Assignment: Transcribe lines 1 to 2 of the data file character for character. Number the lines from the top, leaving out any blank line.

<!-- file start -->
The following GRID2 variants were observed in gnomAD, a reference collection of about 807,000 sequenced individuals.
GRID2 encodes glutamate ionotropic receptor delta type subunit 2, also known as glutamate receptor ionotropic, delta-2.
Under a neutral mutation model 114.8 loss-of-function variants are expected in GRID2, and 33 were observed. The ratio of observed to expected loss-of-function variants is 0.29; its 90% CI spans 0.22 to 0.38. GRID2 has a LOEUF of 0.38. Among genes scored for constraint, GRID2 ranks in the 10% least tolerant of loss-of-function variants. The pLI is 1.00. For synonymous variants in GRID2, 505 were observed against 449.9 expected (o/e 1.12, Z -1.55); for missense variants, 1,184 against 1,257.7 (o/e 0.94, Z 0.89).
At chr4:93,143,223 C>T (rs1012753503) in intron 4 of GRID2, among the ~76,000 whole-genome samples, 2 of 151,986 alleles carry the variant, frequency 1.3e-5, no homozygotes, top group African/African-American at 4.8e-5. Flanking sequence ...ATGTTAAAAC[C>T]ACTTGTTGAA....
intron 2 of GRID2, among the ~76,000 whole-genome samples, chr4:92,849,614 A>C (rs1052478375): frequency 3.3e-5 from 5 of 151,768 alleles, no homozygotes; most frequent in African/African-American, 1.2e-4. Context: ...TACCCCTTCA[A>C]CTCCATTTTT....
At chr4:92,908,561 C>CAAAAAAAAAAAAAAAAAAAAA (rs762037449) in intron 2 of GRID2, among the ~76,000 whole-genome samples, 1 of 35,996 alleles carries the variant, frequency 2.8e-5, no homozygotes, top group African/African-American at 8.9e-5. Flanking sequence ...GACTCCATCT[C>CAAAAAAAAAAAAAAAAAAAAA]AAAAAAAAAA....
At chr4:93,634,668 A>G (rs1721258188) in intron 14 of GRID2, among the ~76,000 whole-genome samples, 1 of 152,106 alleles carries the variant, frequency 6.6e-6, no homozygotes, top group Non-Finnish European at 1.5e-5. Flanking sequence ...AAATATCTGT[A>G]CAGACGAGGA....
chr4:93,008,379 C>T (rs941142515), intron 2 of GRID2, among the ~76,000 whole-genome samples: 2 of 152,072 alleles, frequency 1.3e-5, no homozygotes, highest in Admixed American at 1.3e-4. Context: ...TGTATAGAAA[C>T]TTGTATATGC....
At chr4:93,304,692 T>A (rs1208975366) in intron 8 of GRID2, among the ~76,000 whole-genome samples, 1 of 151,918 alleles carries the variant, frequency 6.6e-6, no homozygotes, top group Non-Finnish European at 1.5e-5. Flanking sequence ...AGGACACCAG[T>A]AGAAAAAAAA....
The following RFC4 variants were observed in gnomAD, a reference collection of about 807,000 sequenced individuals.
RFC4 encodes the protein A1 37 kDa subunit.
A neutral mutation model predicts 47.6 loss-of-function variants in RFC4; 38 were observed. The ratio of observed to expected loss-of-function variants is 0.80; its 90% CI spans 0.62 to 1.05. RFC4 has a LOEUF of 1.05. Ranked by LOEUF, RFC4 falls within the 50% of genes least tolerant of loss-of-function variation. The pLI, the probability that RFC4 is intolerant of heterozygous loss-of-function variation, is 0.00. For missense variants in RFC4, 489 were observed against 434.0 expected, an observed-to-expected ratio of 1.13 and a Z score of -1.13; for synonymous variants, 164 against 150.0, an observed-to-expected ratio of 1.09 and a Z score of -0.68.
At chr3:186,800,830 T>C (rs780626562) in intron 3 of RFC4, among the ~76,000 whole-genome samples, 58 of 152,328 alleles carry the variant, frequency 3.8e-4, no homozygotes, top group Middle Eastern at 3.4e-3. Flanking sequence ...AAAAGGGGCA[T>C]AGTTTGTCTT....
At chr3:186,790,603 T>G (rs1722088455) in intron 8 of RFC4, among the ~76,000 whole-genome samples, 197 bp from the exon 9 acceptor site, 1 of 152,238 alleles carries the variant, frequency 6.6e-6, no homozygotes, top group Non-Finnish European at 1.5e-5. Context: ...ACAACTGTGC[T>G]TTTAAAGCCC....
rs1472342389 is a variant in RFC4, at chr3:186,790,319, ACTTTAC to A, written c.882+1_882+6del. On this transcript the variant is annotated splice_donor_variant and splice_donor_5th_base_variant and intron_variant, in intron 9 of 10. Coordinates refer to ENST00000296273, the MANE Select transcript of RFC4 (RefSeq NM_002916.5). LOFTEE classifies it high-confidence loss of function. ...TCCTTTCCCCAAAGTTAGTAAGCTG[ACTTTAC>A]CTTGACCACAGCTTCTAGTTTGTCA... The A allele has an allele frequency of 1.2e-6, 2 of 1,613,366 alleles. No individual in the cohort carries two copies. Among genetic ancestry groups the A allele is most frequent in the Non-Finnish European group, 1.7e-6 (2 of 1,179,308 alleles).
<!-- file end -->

The following GRID2 variants were observed in gnomAD, a reference collection of about 807,000 sequenced individuals.
GRID2 encodes glutamate ionotropic receptor delta type subunit 2, also known as glutamate receptor ionotropic, delta-2.